Did you know that physical activity can be beneficial for reducing stress, and improving your mental wellbeing as well as your physical health?
Exercise can release endorphins (happy hormones) to boost your mood, and leave you feeling calmer. We’ve put together some ideas below for getting moving to improve your mental health.
Research shows that being active outside is even more beneficial for our mental wellbeing – particularly if you are getting active in nature.
A brisk walk, can lift our mood and leave us feeling more energised. You don’t have to give up a great deal of time as long as you make an effort to walk briskly to reap the most benefits. Why not set aside some time at lunchtime to go for a 15 minutes walk? You’ll probably feel more energised for the rest of the day.
If you’d like to walk with others, Co-op Health Walks are short walks which take place weekly in locations across the county. Find your nearest Health walk here.
Find more walking advice and suggestions of where to walk on our walking pages.
Running and cycling are also fantastic mood boosting and stress busting activities to do outside. Take a look at our Running and Cycling pages, for ideas and tips for getting started.
Get Active Together
Getting active with others can help motivate us to stay active, and have fun whilst doing so. Whether its an exercise class, a led cycle ride or a sport session, working out as a group provides an opportunity for making new connections and forming friendships which is also great for improving our wellbeing.
If you’re experiencing mental health problems, then there are lots of groups and session across the county encouraging people to be active. As well as providing an opportunity for exercise, these groups also give time and space to meet and chat to people with similar experiences and find support.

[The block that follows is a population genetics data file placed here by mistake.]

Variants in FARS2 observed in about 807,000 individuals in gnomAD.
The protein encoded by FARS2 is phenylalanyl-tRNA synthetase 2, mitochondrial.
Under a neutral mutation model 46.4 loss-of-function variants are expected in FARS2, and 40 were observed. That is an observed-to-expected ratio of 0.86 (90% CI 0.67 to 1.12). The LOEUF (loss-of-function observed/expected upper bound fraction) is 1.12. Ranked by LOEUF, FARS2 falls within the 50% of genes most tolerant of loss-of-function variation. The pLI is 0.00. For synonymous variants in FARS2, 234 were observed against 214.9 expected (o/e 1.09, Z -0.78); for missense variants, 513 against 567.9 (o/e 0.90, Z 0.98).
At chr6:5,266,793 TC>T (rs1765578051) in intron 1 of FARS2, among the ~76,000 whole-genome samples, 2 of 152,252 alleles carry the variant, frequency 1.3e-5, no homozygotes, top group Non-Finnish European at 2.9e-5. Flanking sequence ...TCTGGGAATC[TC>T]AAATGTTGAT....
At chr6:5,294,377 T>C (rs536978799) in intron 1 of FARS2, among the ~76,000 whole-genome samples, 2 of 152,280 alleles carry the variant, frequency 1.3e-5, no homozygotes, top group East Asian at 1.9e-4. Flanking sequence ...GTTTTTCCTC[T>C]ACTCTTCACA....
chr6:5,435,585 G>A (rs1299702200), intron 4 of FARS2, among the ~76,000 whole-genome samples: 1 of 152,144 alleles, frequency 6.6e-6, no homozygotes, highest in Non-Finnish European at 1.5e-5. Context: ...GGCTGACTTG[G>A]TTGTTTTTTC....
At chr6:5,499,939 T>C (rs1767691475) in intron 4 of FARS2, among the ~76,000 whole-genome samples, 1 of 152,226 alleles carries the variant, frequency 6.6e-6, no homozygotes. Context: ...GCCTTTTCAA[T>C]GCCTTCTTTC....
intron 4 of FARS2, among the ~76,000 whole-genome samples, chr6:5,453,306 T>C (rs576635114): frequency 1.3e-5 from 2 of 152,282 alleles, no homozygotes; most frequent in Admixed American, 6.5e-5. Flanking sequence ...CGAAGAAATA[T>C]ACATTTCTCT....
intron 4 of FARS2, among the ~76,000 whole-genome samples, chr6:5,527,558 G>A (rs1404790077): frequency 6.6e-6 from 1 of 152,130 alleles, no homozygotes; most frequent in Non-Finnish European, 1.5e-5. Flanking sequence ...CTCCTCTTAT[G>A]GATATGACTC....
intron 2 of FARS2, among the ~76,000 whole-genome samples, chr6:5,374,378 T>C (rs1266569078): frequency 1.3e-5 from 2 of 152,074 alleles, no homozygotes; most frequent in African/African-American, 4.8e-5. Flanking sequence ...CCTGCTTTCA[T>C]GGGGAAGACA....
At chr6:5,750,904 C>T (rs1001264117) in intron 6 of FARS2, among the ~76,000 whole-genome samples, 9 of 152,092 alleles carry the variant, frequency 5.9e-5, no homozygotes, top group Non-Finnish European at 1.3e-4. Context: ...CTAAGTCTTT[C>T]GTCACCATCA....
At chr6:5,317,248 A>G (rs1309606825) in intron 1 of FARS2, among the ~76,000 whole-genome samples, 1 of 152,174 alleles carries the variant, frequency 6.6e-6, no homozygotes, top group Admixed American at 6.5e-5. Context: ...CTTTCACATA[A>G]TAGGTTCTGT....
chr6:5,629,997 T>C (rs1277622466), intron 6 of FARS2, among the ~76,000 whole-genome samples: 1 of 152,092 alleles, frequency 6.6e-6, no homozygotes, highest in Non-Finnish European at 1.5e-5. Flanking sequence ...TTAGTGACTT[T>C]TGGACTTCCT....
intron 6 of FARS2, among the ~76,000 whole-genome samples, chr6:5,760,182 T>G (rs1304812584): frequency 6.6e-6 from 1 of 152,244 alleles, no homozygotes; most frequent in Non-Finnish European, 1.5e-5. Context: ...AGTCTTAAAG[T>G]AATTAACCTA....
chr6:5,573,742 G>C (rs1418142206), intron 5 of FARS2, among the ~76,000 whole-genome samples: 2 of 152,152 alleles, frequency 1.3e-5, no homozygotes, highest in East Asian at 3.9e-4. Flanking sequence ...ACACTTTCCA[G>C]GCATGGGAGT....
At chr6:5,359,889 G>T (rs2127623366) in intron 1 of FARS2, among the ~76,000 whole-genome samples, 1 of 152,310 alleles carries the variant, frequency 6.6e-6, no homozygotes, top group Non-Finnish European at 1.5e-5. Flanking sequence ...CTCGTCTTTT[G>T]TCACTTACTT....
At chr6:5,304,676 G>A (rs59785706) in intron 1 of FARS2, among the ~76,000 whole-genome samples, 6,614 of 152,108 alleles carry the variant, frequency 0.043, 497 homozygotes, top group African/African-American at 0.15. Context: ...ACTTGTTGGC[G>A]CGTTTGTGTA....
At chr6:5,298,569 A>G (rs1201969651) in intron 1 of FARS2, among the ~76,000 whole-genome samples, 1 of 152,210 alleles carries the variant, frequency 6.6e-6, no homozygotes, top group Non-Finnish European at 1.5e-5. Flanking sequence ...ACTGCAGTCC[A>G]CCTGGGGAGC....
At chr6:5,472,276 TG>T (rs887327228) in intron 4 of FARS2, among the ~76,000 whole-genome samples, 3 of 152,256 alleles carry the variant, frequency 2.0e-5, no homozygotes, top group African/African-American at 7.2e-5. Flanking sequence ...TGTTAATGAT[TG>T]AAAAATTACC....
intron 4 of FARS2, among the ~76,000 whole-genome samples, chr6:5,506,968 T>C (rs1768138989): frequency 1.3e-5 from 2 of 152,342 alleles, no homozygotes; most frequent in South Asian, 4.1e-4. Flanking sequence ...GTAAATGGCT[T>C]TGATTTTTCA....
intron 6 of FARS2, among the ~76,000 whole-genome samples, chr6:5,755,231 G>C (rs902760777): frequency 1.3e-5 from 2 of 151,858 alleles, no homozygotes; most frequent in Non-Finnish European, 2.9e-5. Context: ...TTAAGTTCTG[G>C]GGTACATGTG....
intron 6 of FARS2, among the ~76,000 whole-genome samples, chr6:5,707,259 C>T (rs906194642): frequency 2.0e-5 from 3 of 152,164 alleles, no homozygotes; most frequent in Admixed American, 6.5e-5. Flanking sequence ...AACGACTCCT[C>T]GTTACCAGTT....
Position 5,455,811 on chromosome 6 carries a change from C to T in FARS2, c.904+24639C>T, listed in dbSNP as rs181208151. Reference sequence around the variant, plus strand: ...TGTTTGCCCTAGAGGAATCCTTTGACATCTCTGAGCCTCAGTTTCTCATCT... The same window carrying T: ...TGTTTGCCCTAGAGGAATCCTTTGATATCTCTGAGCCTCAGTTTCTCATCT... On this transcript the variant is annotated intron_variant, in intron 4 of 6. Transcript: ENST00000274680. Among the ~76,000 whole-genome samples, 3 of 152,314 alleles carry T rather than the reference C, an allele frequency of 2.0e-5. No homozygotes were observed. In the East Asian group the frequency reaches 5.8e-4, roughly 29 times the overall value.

Find local groups and sessions on our Moving for Mental Health page.
Find what you enjoy doing to make physical activity something that you look forward to rather than a chore. Love music? why not try dancing in your kitchen every evening before you make dinner (uplifting music also has a proven effect on raising mood). If you like nature, try getting active with some gardening, or see what wildlife you can find on a daily walk, and maybe you’ll be encouraged to walk a bit further than usual. Take a look on our activity finder to search for classes or physical activities near you to enjoy, or have a look on our Try Something Different pages for more ideas.
Setting yourself realistic goals can give you a great sense of achievement when you’ve achieved them. Walking and running challenges are a great way to get active and raise money for charity at the same time. Find local events on our events page.
Any form of exercise can be great for your mental health, but research shows that if you are mindful when you exercise this can have even better results. What does being mindful mean? Simply put your full attention on the exercise you’re doing and what’s happening in the present moment. If you are going for a walk you can focus on your surroundings, noticing flowers, clouds in the sky and the sun on your face. Take a look at this Mindful Walking sheet from Mind. If you’re running try to focus on the sensation of your feet touching the ground.
Some forms of exercise such as yoga and Tai-chi encourage attention to the body and breathing, which can be very beneficial for anyone feeling anxious. There are lots of on demand yoga sessions available, if you’d rather take part at home rather than in a class. Take a look on Youtube at the Yoga with Adrienne channel.
You can search for in person and live online yoga sessions on our activity finder.
Be Kind to Yourself
Celebrate your achievements, however small – maybe keep an exercise diary to keep track of what you are doing, and how it makes you feel. Reward yourself when you’ve done well, or achieved your exercise goals, you could enjoy a bubble bath or that new Netflix series you were meaning to watch!
Finally, don’t beat yourself up if you aren’t feeling up to exercising. Ditch the negative voice in your head, there’s no need to feel guilty if you miss a day of a new exercise regime or don’t quite make the goal you set yourself, instead start afresh the next day.
If you have a particular mental health issue or health condition we recommend you read this advice from Mind before you start. If you need further help or support with any aspect of your mental health, follow the links below.
For further advice on looking after your mental well-being visit the NHS Every Mind Matters Site.
If you live in Lincolnshire you can access advice and support from Lincolnshire Partnership NHS Foundation Trust.